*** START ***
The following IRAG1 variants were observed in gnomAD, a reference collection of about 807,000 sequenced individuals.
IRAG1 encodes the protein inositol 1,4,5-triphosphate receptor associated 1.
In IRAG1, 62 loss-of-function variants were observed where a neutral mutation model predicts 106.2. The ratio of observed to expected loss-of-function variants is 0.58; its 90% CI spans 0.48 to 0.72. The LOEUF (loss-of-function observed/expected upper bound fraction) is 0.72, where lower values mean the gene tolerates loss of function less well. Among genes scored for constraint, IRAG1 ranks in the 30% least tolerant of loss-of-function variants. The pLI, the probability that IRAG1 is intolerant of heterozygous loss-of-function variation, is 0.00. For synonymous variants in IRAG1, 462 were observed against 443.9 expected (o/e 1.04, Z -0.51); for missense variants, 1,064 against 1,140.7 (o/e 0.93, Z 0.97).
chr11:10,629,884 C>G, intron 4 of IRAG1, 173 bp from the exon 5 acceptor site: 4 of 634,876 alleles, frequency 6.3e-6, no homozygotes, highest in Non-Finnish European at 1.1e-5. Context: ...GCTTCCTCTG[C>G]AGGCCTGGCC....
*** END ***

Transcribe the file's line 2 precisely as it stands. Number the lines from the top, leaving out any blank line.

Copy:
IRAG1 encodes the protein inositol 1,4,5-triphosphate receptor associated 1.